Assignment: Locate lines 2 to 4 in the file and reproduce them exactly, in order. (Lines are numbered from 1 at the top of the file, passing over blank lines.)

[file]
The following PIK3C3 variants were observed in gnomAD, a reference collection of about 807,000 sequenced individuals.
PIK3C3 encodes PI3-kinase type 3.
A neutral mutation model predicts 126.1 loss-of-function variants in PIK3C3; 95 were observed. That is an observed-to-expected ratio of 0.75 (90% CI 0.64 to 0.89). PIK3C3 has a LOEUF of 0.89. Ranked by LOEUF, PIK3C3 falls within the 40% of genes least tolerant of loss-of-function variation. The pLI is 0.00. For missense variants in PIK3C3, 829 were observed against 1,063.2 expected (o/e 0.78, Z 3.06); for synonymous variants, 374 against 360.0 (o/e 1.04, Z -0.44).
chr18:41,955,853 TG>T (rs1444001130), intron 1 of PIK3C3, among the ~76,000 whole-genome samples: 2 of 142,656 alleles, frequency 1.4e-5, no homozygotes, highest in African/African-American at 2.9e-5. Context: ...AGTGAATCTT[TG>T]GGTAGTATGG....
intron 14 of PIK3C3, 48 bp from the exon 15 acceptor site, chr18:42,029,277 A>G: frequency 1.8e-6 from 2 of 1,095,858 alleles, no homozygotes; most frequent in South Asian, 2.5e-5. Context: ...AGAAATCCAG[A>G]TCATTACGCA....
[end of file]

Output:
PIK3C3 encodes PI3-kinase type 3.
A neutral mutation model predicts 126.1 loss-of-function variants in PIK3C3; 95 were observed. That is an observed-to-expected ratio of 0.75 (90% CI 0.64 to 0.89). PIK3C3 has a LOEUF of 0.89. Ranked by LOEUF, PIK3C3 falls within the 40% of genes least tolerant of loss-of-function variation. The pLI is 0.00. For missense variants in PIK3C3, 829 were observed against 1,063.2 expected (o/e 0.78, Z 3.06); for synonymous variants, 374 against 360.0 (o/e 1.04, Z -0.44).
chr18:41,955,853 TG>T (rs1444001130), intron 1 of PIK3C3, among the ~76,000 whole-genome samples: 2 of 142,656 alleles, frequency 1.4e-5, no homozygotes, highest in African/African-American at 2.9e-5. Context: ...AGTGAATCTT[TG>T]GGTAGTATGG....